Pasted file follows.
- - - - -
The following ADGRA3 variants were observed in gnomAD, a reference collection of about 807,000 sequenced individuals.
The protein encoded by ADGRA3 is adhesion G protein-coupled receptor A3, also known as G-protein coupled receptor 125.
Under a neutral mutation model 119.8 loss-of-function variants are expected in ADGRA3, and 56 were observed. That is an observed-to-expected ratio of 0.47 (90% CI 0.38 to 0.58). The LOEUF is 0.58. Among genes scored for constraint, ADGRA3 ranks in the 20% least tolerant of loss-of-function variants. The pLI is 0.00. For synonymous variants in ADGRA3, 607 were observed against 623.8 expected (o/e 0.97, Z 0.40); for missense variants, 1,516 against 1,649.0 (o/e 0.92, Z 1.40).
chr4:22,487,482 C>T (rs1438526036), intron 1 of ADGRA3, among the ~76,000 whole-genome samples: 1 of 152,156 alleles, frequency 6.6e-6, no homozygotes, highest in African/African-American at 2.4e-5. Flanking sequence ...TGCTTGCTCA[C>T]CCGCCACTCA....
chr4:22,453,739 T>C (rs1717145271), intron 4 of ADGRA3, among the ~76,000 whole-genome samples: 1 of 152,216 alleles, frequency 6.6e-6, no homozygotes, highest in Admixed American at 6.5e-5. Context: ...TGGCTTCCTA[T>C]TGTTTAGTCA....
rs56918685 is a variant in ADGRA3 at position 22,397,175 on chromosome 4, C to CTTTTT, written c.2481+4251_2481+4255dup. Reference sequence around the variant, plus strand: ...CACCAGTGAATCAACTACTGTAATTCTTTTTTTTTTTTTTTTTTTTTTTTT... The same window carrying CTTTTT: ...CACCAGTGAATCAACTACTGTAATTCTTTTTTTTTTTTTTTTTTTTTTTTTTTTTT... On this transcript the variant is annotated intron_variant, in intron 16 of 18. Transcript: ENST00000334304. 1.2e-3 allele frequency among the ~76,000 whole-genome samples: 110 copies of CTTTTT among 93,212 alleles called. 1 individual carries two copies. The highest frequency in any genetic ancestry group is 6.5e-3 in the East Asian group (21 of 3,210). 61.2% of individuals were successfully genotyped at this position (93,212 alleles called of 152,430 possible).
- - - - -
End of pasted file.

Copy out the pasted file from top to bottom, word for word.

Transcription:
The following ADGRA3 variants were observed in gnomAD, a reference collection of about 807,000 sequenced individuals.
The protein encoded by ADGRA3 is adhesion G protein-coupled receptor A3, also known as G-protein coupled receptor 125.
Under a neutral mutation model 119.8 loss-of-function variants are expected in ADGRA3, and 56 were observed. That is an observed-to-expected ratio of 0.47 (90% CI 0.38 to 0.58). The LOEUF is 0.58. Among genes scored for constraint, ADGRA3 ranks in the 20% least tolerant of loss-of-function variants. The pLI is 0.00. For synonymous variants in ADGRA3, 607 were observed against 623.8 expected (o/e 0.97, Z 0.40); for missense variants, 1,516 against 1,649.0 (o/e 0.92, Z 1.40).
chr4:22,487,482 C>T (rs1438526036), intron 1 of ADGRA3, among the ~76,000 whole-genome samples: 1 of 152,156 alleles, frequency 6.6e-6, no homozygotes, highest in African/African-American at 2.4e-5. Flanking sequence ...TGCTTGCTCA[C>T]CCGCCACTCA....
chr4:22,453,739 T>C (rs1717145271), intron 4 of ADGRA3, among the ~76,000 whole-genome samples: 1 of 152,216 alleles, frequency 6.6e-6, no homozygotes, highest in Admixed American at 6.5e-5. Context: ...TGGCTTCCTA[T>C]TGTTTAGTCA....
rs56918685 is a variant in ADGRA3 at position 22,397,175 on chromosome 4, C to CTTTTT, written c.2481+4251_2481+4255dup. Reference sequence around the variant, plus strand: ...CACCAGTGAATCAACTACTGTAATTCTTTTTTTTTTTTTTTTTTTTTTTTT... The same window carrying CTTTTT: ...CACCAGTGAATCAACTACTGTAATTCTTTTTTTTTTTTTTTTTTTTTTTTTTTTTT... On this transcript the variant is annotated intron_variant, in intron 16 of 18. Transcript: ENST00000334304. 1.2e-3 allele frequency among the ~76,000 whole-genome samples: 110 copies of CTTTTT among 93,212 alleles called. 1 individual carries two copies. The highest frequency in any genetic ancestry group is 6.5e-3 in the East Asian group (21 of 3,210). 61.2% of individuals were successfully genotyped at this position (93,212 alleles called of 152,430 possible).